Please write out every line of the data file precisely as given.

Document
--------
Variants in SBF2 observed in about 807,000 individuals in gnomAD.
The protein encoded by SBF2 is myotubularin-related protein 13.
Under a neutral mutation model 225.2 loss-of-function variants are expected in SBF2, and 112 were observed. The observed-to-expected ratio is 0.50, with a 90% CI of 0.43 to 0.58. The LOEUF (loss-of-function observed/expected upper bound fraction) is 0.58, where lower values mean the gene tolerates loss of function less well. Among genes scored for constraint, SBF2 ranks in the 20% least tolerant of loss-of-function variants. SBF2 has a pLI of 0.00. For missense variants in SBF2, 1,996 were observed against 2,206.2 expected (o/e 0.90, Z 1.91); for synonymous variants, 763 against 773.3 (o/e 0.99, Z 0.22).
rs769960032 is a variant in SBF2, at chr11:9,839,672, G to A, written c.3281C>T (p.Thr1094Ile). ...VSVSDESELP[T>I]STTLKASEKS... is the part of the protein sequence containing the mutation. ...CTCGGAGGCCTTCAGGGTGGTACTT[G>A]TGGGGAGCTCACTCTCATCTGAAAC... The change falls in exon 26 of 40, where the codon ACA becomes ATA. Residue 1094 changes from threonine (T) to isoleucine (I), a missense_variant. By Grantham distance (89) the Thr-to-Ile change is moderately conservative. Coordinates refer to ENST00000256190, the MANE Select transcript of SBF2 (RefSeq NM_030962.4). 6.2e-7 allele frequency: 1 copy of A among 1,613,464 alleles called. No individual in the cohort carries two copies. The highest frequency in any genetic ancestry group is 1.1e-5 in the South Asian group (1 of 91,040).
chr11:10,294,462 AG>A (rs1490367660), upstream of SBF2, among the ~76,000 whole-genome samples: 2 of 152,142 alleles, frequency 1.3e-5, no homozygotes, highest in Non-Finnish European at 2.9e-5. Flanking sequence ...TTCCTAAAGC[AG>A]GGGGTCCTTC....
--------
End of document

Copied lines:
Variants in SBF2 observed in about 807,000 individuals in gnomAD.
The protein encoded by SBF2 is myotubularin-related protein 13.
Under a neutral mutation model 225.2 loss-of-function variants are expected in SBF2, and 112 were observed. The observed-to-expected ratio is 0.50, with a 90% CI of 0.43 to 0.58. The LOEUF (loss-of-function observed/expected upper bound fraction) is 0.58, where lower values mean the gene tolerates loss of function less well. Among genes scored for constraint, SBF2 ranks in the 20% least tolerant of loss-of-function variants. SBF2 has a pLI of 0.00. For missense variants in SBF2, 1,996 were observed against 2,206.2 expected (o/e 0.90, Z 1.91); for synonymous variants, 763 against 773.3 (o/e 0.99, Z 0.22).
rs769960032 is a variant in SBF2, at chr11:9,839,672, G to A, written c.3281C>T (p.Thr1094Ile). ...VSVSDESELP[T>I]STTLKASEKS... is the part of the protein sequence containing the mutation. ...CTCGGAGGCCTTCAGGGTGGTACTT[G>A]TGGGGAGCTCACTCTCATCTGAAAC... The change falls in exon 26 of 40, where the codon ACA becomes ATA. Residue 1094 changes from threonine (T) to isoleucine (I), a missense_variant. By Grantham distance (89) the Thr-to-Ile change is moderately conservative. Coordinates refer to ENST00000256190, the MANE Select transcript of SBF2 (RefSeq NM_030962.4). 6.2e-7 allele frequency: 1 copy of A among 1,613,464 alleles called. No individual in the cohort carries two copies. The highest frequency in any genetic ancestry group is 1.1e-5 in the South Asian group (1 of 91,040).
chr11:10,294,462 AG>A (rs1490367660), upstream of SBF2, among the ~76,000 whole-genome samples: 2 of 152,142 alleles, frequency 1.3e-5, no homozygotes, highest in Non-Finnish European at 2.9e-5. Flanking sequence ...TTCCTAAAGC[AG>A]GGGGTCCTTC....